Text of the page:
- The Washington Times - Thursday, May 7, 2020

Senate Minority Leader Charles E. Schumer said Thursday that Democrats will unveil a “big and bold” coronavirus relief package that he compared to President Franklin D. Roosevelt’s New Deal.

Mr. Schumer said he and House Speaker Nancy Pelosi are still working on the package but should be ready to roll it out “shortly.”

“We need Franklin Rooseveltian-type action and we hope to take that in the House and Senate in a very big and bold way,” he said on MSNBC.

The New York Democrat extended the New Deal claim on the Senate floor, comparing Senate Majority Leader Mitch McConnell and President Trump’s reluctance to move another large spending bill to the actions of Roosevelt’s predecessor as the country plunged into the Great Depression.

“President Herbert Hoover was reluctant to use national resources to combat a national crisis,” Mr. Schumer said. “His failure to act contributed to the length and severity of the Depression.”



“If President Trump responds with the same timidity as President Hoover did, I fear the nation would suffer the same consequences as it did in the past,” he added.

Mrs. Pelosi, California Democrat, said she plans to have the House reconvene next week to vote on the Democrats’ plan.

Hoover wrongly predicted that the economy would recover quickly at the onset of the economic crisis and didn’t ramp up federal spending in response as much as many had sought. Roosevelt, who came into office in 1933, responded to the massive unemployment and price collapses with an unprecedented influx of government spending, public works projects and reforms of financial institutions.

The New Deal is often credited with ending the Depression, but historians disagree on the issue and note myriad other factors, most notably the onset of World War II. The American industrial sector only really returned to pre-Depression levels as production ramped back up to meet the needs of the war effort.

The current economic turmoil, which resulted from government-ordered business shutdowns to stop the spread of the coronavirus, has resulted in immediate jobless numbers that rival those of the Great Depression.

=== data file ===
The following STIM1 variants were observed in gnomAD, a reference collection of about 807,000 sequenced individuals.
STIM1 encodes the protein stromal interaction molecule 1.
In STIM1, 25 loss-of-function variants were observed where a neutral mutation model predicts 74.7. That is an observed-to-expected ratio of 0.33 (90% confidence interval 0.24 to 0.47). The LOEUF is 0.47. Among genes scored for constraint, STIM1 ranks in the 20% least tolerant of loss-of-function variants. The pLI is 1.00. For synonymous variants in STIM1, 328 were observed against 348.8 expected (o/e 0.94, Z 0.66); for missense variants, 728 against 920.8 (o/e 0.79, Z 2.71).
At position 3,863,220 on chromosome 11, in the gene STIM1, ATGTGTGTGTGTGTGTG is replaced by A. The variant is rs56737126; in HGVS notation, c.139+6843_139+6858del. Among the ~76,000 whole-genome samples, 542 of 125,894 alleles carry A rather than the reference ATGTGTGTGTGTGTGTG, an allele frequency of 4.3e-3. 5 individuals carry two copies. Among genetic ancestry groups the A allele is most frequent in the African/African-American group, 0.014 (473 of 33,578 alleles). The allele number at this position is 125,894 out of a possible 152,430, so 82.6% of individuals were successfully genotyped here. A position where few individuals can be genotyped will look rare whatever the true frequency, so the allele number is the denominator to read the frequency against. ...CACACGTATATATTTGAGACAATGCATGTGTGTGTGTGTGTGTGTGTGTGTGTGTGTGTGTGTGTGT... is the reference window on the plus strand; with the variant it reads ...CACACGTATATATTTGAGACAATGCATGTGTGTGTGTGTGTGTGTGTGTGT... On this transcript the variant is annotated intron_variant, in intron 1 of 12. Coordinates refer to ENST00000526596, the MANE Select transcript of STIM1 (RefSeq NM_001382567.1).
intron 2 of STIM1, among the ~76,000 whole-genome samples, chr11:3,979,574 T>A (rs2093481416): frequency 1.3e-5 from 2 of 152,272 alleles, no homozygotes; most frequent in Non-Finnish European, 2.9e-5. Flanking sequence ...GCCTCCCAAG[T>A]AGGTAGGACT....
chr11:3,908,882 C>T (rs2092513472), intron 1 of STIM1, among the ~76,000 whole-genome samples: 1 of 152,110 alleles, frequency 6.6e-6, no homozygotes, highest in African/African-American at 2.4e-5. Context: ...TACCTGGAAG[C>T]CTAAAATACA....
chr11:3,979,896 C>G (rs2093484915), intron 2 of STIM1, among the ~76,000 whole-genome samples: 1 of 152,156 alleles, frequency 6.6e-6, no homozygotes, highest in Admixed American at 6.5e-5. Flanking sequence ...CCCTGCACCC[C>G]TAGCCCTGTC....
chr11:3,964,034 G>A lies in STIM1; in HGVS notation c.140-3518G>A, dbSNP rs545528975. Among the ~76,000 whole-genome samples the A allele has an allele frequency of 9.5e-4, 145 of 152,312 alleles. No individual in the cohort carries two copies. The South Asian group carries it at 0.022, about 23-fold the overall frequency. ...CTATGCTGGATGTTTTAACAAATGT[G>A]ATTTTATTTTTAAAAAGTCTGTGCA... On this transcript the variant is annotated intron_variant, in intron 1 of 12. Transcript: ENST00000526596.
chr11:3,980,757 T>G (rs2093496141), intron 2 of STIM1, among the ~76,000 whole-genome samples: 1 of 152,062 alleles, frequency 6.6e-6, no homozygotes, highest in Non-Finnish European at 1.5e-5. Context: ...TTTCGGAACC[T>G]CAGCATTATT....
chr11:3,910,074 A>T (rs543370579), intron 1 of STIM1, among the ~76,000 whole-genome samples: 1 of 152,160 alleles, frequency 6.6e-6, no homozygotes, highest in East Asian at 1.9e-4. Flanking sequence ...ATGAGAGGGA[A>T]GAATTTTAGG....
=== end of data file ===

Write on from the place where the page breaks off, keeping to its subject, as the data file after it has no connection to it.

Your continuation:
Congress so far as passed four coronavirus economic rescue bills that spent nearly $3 trillion, with each package drafted by a bipartisan negotiation team.

This time, Democrats plan to take the lead presenting their version of a fifth package.

Mrs. Pelosi said she hopes Republicans understand the Democrats’ priorities have bipartisan support across the country but “we have to start someplace.”

“It is a reflection of the needs of the American people,” she said. “We need a presidential signature so at some point we’ll have to come to an agreement.”

Democrats want more than $500 billion to ease the shutdown-induced budget crunch for state, county and municipal governments, as well as extra money for states to use on Medicare.

They want to expand unemployment insurance beyond the extra $600 per week already doled out because of the virus, bolster a small business loan program and provide hazard pay to frontline workers.

There also has been talk of included funds for a massive infrastructure project and vote-by-mail procedures to ensure the November election isn’t derailed by the pandemic.

Republicans have distanced themselves from the push for another rescue bill. Mr. McConnell, Kentucky Republican, said their “red line” for more stimulus spending was including lawsuit protections for business owners.

Another concern in the runaway debt.

“I’m a pay-as-you-go person, much to the dismay of some in my party,” said Mrs. Pelosi. “But what we’re talking about now is about a stimulus to our economy, at a time when people are crippled with concern about their, their physical well being, as well as their economic well being.”

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